Drawing heavily on This Republic of Suffering, historian and Harvard president Drew Gilpin Faust’s acclaimed book, “Death and the Civil War” explores a critical but largely overlooked aspect of the Civil War experience: the immense and varied implications of the war’s staggering and unprecedented death toll. The war created a veritable “republic of suffering,” as landscape architect Frederick Law Olmsted described the wounded and dying arriving at Union hospital ships on the Virginia Peninsula.
The apartheid regime in Pretoria crumbles under pressure from a united popular uprising inside its borders and crushing international pressure to reform. Nelson Mandela is freed from prison and in 1990 is elected president of a democratic South Africa.
This special looks back at the “crooners” and “canaries” of the 1940s, featuring the greatest vocalists of the period when they started their careers performing with orchestras and dance bands. Among the legendary artists and timeless hits included in the rare, vintage footage are Louis Armstrong, Perry Como, Doris Day, Helen Forest with the Harry James Orchestra, Peggy Lee with the Benny Goodman Orchestra, Johnny Mercer and Margaret Whiting, Jo Stafford and the Pied Pipers with the Tommy Dorsey Orchestra, and many more favorites from the World War II era.
Like the famous cherry blossoms forecast to bloom in a few weeks, this time of year is also marked by the arrival of competing, partisan federal budget proposals that political foes immediately declare dead-on-arrival, though not so dead that they can't be used as campaign fodder.
Rep. Paul Ryan (R-WI) got the process underway Tuesday by introducing the House Republican budget for the coming fiscal year, DOA because it has no chance of getting through the Democratic Senate or to be signed by President Obama.
It's no picnic being a kidney patient even in the best conditions. But coming in for dialysis in a place like the Gaza Strip calls for a special kind of patience.
Years of war have placed a constant stress on the health system there. Thanks to a host of factors, Gaza's main hospital, Shifa Hospital, regularly faces supply shortages of medications that kidney patients need to manage nausea and other symptoms.
On November 22, 1981, the Rolling Stones arrived in Chicago prior to playing three nights at the Rosemont Horizon. Long influenced by the Chicago blues, the band paid a visit to see legendary bluesman Muddy Waters perform. It didn’t take long before Mick Jagger, Keith Richards, Ronnie Wood and Ian Stewart were joining him on stage. Later, Buddy Guy, Junior Wells and Lefty Dizz also played their part. Luckily, this amazing blues night was captured on camera and has now been restored from the original footage, with sound mixed and mastered by Bob Clearmountain.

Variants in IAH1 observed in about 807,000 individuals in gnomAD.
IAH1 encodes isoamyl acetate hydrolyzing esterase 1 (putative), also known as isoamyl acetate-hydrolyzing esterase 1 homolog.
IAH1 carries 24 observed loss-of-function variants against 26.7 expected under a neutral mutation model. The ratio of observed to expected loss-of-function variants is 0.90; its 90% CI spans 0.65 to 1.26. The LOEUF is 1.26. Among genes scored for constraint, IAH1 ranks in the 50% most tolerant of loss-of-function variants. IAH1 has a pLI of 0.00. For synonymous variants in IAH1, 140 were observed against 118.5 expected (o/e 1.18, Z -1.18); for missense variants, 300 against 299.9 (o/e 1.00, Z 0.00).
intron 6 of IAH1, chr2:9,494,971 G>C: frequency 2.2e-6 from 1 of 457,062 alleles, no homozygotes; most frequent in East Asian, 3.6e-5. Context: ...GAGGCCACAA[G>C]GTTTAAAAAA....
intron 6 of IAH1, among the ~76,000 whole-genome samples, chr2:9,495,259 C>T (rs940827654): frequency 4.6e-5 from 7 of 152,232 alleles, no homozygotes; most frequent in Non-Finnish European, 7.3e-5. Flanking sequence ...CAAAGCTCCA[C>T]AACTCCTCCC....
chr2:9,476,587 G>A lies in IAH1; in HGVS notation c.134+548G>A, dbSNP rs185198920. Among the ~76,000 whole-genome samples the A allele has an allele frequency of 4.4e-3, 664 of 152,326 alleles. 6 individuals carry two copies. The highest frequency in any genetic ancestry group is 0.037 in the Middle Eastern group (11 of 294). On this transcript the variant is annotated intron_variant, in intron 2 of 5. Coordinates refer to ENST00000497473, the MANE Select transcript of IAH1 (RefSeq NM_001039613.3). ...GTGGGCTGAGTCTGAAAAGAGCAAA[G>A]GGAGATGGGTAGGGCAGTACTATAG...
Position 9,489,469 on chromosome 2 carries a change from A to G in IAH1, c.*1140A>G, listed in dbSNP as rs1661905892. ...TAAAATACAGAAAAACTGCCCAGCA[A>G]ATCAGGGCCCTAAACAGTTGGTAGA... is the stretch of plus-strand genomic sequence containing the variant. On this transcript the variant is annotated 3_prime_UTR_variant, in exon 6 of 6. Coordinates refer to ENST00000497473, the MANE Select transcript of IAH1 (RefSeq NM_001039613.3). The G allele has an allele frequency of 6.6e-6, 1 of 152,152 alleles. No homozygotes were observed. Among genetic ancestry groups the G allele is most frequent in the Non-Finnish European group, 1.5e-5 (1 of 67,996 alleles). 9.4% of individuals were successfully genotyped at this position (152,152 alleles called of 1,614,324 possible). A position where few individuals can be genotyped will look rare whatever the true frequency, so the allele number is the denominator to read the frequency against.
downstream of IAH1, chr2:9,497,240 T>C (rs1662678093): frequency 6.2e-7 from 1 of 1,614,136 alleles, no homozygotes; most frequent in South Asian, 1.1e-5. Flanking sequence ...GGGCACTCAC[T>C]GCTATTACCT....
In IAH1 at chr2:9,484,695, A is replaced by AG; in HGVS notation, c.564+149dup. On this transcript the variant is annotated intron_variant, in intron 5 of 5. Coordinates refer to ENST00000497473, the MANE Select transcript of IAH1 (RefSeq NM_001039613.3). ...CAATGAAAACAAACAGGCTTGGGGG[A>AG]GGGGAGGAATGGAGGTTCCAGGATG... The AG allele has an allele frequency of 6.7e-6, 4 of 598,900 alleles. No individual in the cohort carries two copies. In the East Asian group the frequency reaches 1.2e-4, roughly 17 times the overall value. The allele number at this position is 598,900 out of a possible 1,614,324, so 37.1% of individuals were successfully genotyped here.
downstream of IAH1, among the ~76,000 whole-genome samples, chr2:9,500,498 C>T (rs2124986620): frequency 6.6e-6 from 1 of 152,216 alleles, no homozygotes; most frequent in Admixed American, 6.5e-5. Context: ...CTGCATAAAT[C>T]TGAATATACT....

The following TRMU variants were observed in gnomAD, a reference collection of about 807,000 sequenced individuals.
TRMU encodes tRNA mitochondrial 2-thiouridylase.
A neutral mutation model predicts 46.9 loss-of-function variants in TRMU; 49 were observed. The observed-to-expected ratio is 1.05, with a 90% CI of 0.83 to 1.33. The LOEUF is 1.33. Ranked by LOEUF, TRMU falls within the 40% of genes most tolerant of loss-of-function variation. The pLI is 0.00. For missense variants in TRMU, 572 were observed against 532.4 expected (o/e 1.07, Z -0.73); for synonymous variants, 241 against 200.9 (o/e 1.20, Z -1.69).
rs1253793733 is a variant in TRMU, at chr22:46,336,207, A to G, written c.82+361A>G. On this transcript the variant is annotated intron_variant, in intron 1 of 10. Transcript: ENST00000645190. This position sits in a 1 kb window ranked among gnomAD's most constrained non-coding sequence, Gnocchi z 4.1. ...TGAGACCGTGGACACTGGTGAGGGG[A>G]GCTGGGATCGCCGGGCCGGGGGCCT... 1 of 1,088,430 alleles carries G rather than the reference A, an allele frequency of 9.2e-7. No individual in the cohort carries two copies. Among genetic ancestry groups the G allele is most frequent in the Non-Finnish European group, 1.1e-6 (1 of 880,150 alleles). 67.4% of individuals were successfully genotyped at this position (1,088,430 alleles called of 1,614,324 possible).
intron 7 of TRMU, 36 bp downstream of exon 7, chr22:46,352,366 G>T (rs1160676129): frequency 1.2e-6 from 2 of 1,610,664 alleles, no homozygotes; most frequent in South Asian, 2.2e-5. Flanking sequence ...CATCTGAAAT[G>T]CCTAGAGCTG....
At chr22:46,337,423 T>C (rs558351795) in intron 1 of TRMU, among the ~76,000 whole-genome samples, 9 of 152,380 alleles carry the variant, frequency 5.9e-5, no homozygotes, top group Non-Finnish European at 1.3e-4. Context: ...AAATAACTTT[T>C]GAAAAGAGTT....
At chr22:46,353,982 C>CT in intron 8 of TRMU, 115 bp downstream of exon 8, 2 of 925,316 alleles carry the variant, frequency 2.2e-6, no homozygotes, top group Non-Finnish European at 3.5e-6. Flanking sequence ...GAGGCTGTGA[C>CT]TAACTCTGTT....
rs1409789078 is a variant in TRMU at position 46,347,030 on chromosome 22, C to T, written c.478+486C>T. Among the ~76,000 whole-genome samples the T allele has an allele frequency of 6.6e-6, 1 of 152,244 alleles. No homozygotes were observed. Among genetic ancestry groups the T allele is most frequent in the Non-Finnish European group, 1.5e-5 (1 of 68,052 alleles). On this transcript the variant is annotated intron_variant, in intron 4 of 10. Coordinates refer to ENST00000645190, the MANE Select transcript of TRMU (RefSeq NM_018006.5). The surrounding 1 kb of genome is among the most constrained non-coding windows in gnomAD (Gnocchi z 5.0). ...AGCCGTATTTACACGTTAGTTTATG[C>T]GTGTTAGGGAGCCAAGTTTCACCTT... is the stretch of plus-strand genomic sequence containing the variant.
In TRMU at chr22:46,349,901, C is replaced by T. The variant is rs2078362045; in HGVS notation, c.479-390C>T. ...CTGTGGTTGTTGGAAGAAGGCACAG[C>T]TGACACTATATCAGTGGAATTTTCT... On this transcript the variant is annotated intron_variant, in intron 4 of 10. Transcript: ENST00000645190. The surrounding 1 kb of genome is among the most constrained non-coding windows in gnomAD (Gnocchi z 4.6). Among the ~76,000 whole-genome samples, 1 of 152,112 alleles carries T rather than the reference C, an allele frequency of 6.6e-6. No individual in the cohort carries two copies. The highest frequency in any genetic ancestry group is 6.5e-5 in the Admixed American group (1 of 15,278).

Iconic soul and R&B vocalist and multiple Grammy Award-winning artist Aaron Neville is featured in a special concert performing songs from his upcoming doo-wop inspired album My True Story. Recorded at the Brooklyn Bowl in November 2012, this special features an array of musicians along with special guests Paul Simon, Joan Osborne, Eugene Pitt of the Jive Five and Dickie Harmon from the Del-Vikings.
Syria's Grand Mufti Ahmad Hassoun (right) prays with President Bashar Assad in Damascus on Feb. 5, 2012. The grand mufti has called on Syrians to join the army and fight for the government, his most partisan statement since the country's uprising began two years ago.
Originally published on Tue March 12, 2013 2:28 pm
This story was written by a Syrian citizen in Damascus who is not being further identified out of safety concerns.
In a surprising religious decree, Syria's government-appointed grand mufti has issued a fatwa calling on Muslims to fight on the side of President Bashar Assad's regime against the rebels who have been waging an uprising for two years.
In a televised statement Sunday, Syria's Grand Mufti Ahmad Hassoun said: "I urge the sons of Syria to join the army and fight for the unity of this great country."
One jobs number gets all the attention: The number of jobs lost or gained in the previous month.
That number is important. But focusing too much on the net change in jobs can be misleading. It gives the impression that a job is like a widget — it's something that gets made in a factory somewhere, and that we hope exists forever.
That's not how it works. Even in good economic times ,new jobs are constantly being created and old jobs are constantly being destroyed. (Of course, you do want the number of jobs created to exceed the number of jobs destroyed.)